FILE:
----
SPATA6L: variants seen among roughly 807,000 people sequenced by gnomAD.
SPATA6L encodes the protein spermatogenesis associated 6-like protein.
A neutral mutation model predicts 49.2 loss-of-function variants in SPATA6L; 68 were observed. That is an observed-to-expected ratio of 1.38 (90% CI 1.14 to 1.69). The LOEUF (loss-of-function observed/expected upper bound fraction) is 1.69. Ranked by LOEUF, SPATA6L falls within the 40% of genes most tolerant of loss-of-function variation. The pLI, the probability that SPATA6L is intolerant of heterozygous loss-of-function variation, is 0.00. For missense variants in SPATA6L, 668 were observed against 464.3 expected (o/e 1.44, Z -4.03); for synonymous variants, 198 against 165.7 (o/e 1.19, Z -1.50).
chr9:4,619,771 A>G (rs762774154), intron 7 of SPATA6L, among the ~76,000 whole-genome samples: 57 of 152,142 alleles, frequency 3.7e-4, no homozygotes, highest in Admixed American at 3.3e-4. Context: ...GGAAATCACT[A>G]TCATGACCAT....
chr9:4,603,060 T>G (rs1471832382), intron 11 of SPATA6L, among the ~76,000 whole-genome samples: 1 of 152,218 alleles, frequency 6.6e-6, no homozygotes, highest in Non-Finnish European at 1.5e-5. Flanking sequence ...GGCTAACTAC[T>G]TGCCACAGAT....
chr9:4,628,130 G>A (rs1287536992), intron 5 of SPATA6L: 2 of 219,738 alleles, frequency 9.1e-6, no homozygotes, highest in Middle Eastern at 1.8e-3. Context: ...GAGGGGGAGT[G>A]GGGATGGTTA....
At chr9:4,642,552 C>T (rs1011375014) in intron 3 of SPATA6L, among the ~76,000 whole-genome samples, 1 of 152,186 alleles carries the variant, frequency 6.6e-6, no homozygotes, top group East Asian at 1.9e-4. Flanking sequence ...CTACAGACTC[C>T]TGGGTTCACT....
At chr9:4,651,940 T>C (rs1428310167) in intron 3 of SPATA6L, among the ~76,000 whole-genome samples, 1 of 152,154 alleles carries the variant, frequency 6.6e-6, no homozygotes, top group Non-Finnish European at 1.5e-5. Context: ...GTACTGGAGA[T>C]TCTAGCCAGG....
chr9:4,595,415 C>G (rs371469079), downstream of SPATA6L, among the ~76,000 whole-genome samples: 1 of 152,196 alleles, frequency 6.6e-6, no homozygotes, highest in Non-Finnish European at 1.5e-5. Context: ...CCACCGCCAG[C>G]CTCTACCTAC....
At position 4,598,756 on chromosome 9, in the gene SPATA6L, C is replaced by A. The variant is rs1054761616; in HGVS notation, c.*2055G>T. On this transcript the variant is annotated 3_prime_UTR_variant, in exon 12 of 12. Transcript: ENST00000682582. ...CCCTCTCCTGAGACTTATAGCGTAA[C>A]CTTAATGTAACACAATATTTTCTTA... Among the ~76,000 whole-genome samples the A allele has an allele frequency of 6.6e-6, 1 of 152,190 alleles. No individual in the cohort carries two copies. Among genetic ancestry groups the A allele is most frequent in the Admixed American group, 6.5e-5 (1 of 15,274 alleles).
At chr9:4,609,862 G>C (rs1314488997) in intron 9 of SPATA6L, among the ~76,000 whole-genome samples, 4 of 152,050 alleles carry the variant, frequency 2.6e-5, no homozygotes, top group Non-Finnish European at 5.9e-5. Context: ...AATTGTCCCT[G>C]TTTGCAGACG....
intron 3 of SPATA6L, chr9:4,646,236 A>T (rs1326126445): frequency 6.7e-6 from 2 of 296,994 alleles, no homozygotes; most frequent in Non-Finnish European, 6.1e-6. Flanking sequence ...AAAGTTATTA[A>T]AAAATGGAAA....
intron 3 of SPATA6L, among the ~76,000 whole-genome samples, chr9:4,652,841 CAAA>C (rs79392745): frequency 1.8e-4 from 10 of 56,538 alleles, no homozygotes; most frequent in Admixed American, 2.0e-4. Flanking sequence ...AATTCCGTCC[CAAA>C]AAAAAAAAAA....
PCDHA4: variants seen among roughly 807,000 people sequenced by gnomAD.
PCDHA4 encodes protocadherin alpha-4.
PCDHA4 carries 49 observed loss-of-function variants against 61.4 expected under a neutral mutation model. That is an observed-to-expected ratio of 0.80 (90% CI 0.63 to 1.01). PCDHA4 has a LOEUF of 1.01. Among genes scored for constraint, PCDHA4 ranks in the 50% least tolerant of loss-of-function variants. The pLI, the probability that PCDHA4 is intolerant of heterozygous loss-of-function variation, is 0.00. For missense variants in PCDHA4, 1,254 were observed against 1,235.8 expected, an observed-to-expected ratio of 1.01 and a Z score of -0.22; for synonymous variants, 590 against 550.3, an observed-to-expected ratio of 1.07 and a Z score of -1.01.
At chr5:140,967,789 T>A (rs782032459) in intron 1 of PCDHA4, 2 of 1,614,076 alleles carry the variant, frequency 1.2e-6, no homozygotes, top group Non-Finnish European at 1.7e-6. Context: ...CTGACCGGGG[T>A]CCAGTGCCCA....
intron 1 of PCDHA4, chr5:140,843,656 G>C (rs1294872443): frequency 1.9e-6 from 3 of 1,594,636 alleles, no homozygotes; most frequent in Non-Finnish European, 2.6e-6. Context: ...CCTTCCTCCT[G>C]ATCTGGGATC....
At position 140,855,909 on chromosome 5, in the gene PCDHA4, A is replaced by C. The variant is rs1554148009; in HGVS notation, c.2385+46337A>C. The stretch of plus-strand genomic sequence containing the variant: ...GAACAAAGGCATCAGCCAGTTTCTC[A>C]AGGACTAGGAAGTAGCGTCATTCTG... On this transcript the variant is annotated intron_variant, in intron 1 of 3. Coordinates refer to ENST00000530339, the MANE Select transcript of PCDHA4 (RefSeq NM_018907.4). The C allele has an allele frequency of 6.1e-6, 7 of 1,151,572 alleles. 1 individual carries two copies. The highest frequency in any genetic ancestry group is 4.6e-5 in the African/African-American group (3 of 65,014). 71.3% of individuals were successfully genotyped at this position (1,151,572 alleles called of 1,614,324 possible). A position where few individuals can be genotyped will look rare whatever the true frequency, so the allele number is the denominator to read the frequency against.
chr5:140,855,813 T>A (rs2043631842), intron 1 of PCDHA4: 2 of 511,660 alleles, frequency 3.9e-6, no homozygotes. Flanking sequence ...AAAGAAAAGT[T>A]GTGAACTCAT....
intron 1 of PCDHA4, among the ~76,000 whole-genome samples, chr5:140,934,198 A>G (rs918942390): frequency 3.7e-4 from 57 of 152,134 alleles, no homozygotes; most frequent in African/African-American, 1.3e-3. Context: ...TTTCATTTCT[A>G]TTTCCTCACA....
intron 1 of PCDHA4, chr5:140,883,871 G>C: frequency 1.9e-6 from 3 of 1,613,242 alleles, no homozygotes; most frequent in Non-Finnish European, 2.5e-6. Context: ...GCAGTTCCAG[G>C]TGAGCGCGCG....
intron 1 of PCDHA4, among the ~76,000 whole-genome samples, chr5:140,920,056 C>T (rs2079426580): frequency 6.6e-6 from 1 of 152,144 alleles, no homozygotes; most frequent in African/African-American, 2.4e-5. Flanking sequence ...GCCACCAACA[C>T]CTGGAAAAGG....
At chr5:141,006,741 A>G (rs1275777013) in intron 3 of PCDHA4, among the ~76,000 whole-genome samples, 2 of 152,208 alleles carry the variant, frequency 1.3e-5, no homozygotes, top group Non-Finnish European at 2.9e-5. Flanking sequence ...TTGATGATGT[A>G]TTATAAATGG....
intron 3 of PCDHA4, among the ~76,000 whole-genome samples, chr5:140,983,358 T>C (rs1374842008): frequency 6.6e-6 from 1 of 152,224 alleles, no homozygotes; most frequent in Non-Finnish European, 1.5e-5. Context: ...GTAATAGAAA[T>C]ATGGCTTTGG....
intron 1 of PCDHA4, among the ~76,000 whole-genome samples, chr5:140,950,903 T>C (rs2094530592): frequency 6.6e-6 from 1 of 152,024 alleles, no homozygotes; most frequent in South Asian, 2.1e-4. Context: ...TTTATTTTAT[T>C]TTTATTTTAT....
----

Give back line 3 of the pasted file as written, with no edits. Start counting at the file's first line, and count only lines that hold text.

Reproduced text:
A neutral mutation model predicts 49.2 loss-of-function variants in SPATA6L; 68 were observed. That is an observed-to-expected ratio of 1.38 (90% CI 1.14 to 1.69). The LOEUF (loss-of-function observed/expected upper bound fraction) is 1.69. Ranked by LOEUF, SPATA6L falls within the 40% of genes most tolerant of loss-of-function variation. The pLI, the probability that SPATA6L is intolerant of heterozygous loss-of-function variation, is 0.00. For missense variants in SPATA6L, 668 were observed against 464.3 expected (o/e 1.44, Z -4.03); for synonymous variants, 198 against 165.7 (o/e 1.19, Z -1.50).